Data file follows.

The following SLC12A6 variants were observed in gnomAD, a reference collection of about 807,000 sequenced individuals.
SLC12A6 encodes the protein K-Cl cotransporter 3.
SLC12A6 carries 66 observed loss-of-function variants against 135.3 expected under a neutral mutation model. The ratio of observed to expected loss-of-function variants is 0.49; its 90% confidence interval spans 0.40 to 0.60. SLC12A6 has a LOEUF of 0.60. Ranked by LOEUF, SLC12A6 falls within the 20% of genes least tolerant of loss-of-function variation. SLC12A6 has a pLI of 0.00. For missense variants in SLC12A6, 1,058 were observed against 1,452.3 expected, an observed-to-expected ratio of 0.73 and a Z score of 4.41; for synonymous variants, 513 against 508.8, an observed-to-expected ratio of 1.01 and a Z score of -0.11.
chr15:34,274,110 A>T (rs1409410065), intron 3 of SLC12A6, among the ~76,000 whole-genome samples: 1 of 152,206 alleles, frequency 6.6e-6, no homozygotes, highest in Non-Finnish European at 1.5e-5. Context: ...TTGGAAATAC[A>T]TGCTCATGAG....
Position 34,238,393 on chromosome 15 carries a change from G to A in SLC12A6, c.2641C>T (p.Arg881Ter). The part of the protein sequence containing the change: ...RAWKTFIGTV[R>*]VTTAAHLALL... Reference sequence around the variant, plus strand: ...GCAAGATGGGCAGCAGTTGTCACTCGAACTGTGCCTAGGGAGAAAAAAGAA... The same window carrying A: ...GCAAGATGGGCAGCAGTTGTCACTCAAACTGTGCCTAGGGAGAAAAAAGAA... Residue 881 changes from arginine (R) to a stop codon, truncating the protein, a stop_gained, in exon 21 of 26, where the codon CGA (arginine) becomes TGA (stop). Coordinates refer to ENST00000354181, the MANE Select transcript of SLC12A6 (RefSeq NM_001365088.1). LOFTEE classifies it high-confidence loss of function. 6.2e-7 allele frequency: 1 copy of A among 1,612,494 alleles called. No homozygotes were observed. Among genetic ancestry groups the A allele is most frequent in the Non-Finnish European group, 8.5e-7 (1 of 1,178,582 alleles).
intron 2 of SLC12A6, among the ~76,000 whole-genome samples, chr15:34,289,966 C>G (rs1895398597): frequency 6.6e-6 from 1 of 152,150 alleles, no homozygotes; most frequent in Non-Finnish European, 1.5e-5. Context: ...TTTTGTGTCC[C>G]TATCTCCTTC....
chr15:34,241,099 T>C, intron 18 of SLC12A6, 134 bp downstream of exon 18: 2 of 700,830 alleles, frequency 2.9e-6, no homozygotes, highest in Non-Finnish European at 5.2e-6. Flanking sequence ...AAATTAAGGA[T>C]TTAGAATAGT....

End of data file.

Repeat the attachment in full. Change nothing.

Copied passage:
The following SLC12A6 variants were observed in gnomAD, a reference collection of about 807,000 sequenced individuals.
SLC12A6 encodes the protein K-Cl cotransporter 3.
SLC12A6 carries 66 observed loss-of-function variants against 135.3 expected under a neutral mutation model. The ratio of observed to expected loss-of-function variants is 0.49; its 90% confidence interval spans 0.40 to 0.60. SLC12A6 has a LOEUF of 0.60. Ranked by LOEUF, SLC12A6 falls within the 20% of genes least tolerant of loss-of-function variation. SLC12A6 has a pLI of 0.00. For missense variants in SLC12A6, 1,058 were observed against 1,452.3 expected, an observed-to-expected ratio of 0.73 and a Z score of 4.41; for synonymous variants, 513 against 508.8, an observed-to-expected ratio of 1.01 and a Z score of -0.11.
chr15:34,274,110 A>T (rs1409410065), intron 3 of SLC12A6, among the ~76,000 whole-genome samples: 1 of 152,206 alleles, frequency 6.6e-6, no homozygotes, highest in Non-Finnish European at 1.5e-5. Context: ...TTGGAAATAC[A>T]TGCTCATGAG....
Position 34,238,393 on chromosome 15 carries a change from G to A in SLC12A6, c.2641C>T (p.Arg881Ter). The part of the protein sequence containing the change: ...RAWKTFIGTV[R>*]VTTAAHLALL... Reference sequence around the variant, plus strand: ...GCAAGATGGGCAGCAGTTGTCACTCGAACTGTGCCTAGGGAGAAAAAAGAA... The same window carrying A: ...GCAAGATGGGCAGCAGTTGTCACTCAAACTGTGCCTAGGGAGAAAAAAGAA... Residue 881 changes from arginine (R) to a stop codon, truncating the protein, a stop_gained, in exon 21 of 26, where the codon CGA (arginine) becomes TGA (stop). Coordinates refer to ENST00000354181, the MANE Select transcript of SLC12A6 (RefSeq NM_001365088.1). LOFTEE classifies it high-confidence loss of function. 6.2e-7 allele frequency: 1 copy of A among 1,612,494 alleles called. No homozygotes were observed. Among genetic ancestry groups the A allele is most frequent in the Non-Finnish European group, 8.5e-7 (1 of 1,178,582 alleles).
intron 2 of SLC12A6, among the ~76,000 whole-genome samples, chr15:34,289,966 C>G (rs1895398597): frequency 6.6e-6 from 1 of 152,150 alleles, no homozygotes; most frequent in Non-Finnish European, 1.5e-5. Context: ...TTTTGTGTCC[C>G]TATCTCCTTC....
chr15:34,241,099 T>C, intron 18 of SLC12A6, 134 bp downstream of exon 18: 2 of 700,830 alleles, frequency 2.9e-6, no homozygotes, highest in Non-Finnish European at 5.2e-6. Flanking sequence ...AAATTAAGGA[T>C]TTAGAATAGT....